December 4, 2015
Facebook is probably not the first name that comes to mind when you think of network security, but that could all change as the social media company continues to expand its ThreatExchange platform.
This week, at Light Reading's Carrier Network Security Strategies event, one of Facebook 's key security experts -- Chris Bream, director of information security policy & risk -- explained how the company has applied what it learnt from developing a social media network on a massive scale to security. The ThreatExchange Index, first unveiled in February, allows companies and organizations to share data on malware and other threats they have come across, but control which people they share it with.
Bream told the capacity crowd at The Westin Hotel in Times Square that the company has applied its "social graph" technology to the security offering. "To the best of my knowledge that's pretty unique," he said.
Netflix Inc. (Nasdaq: NFLX) has been an early adopter of the Exchange and Facebook has been using the system internally, but Bream thinks a scalable, open approach to security threats has benefits for the wider industry. "We're going to be evangelizing this for a while," he said.
Like AT&T Inc. (NYSE: T)'s Chief Security Officer Ed Amoroso, who also spoke this week, Bream suggests that a lack of openness and collaboration is now hurting companies that are trying to protect themselves against an ever-rising tide of malware, botnets and other threats to their communication networks. While Bream stressed that he understood why CSOs and security teams could be embarrassed to share details about threats that reveal that their systems had been compromised, the benefits outweigh the shame. (See AT&T's Amoroso: Build Botnets of Security.)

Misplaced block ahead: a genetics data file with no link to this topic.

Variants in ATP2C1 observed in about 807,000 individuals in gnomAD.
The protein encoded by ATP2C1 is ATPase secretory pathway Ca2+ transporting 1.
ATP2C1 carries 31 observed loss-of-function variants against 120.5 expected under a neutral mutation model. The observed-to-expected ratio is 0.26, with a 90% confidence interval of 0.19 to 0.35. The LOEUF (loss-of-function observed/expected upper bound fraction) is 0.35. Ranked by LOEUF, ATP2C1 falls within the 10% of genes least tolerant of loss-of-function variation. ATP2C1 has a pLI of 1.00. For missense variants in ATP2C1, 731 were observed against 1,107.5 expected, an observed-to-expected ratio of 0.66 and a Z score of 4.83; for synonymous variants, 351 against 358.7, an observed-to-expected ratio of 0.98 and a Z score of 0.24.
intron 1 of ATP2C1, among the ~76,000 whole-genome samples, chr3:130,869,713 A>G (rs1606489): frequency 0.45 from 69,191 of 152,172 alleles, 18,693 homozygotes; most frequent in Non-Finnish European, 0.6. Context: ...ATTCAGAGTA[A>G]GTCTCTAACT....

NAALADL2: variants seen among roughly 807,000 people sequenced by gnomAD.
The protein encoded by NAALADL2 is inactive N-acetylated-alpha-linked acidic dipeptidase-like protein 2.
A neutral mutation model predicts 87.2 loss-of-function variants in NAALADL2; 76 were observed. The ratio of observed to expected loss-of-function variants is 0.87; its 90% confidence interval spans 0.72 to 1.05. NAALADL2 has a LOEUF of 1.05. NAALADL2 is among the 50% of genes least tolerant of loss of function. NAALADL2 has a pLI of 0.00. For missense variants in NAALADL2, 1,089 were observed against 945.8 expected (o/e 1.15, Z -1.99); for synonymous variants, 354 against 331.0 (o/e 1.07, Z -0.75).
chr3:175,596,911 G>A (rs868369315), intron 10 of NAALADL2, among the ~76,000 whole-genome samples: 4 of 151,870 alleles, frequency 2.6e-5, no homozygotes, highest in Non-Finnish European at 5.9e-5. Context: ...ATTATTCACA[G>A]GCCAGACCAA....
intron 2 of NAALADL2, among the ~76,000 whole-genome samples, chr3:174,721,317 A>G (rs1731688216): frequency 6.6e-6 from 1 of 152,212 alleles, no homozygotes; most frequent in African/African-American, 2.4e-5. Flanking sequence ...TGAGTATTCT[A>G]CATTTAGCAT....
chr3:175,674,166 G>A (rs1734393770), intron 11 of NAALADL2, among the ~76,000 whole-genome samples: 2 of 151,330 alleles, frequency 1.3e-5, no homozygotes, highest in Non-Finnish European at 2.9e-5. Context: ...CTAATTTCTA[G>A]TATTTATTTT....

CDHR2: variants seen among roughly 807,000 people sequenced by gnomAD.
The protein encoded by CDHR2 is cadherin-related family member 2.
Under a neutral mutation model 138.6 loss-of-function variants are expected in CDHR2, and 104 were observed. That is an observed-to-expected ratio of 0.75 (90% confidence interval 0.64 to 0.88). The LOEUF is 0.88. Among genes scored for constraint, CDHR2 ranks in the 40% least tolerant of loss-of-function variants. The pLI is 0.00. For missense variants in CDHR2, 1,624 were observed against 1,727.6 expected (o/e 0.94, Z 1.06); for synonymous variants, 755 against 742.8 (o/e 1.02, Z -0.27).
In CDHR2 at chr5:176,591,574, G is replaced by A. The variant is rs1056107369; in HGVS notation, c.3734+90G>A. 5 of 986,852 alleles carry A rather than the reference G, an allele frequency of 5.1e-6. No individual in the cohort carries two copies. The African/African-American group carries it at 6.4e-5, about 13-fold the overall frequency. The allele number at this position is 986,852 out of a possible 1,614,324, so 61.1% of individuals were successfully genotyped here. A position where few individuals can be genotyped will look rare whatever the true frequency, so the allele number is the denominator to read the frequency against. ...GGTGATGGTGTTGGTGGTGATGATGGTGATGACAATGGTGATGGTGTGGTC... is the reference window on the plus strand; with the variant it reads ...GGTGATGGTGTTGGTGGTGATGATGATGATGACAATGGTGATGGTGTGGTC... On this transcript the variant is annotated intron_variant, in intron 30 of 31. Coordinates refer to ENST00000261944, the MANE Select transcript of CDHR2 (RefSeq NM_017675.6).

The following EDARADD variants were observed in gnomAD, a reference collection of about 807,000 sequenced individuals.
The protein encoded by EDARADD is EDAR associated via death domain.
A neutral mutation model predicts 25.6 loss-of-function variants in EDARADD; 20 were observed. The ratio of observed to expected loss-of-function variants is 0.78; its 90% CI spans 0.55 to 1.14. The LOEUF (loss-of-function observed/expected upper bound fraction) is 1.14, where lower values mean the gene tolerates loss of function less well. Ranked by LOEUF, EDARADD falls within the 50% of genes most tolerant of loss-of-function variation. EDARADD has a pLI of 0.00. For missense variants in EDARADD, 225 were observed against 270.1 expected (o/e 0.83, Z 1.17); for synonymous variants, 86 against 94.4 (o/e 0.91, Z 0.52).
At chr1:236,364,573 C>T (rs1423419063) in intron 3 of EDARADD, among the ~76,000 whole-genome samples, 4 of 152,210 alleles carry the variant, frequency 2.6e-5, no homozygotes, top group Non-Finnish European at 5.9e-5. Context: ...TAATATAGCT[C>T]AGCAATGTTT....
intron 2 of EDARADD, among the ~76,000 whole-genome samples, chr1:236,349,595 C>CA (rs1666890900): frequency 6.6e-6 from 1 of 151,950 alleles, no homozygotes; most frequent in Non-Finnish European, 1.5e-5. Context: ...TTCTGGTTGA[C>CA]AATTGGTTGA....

Read about the latest on issues around network security in our dedicated security section here on Light Reading.
"The most benefit I've ever seen, for security, is when we have open discussions," said Bream.
Bream used the newly infamous StageFright Android exploit as an example of how Facebook's "open nature" has helped its relatively small security team tackle threats. StageFright, revealed by the Zimperium security firm over the summer, is a vulnerability deep in the smartphone operating system that allows an attacker to gain access to some Google (Nasdaq: GOOG) devices and perform tasks on them, simply by sending the victim an MMS video message.
"Whenever we want to do something in security we actually post it out," he explained, which in the instance of StageFright meant that Facebook's internal Android developers got in on the action too.
"If we hadn't been open and communicative ... that never would have happened," Bream suggests.
He is now hoping to expand that philosophy -- via the ThreatExchange platform -- to the wider industry that conducts business online. "We're hopeful that this will become the platform that people use," he says.
The benefit for smaller companies and organizations, he suggests, is that they can gain access and information about security issues and threat trends that they would never be able to amass without such collaboration. "There are very few organizations in this world that are ready to build their own threat intelligence team," Bream states.
— Dan Jones, Mobile Editor, Light Reading
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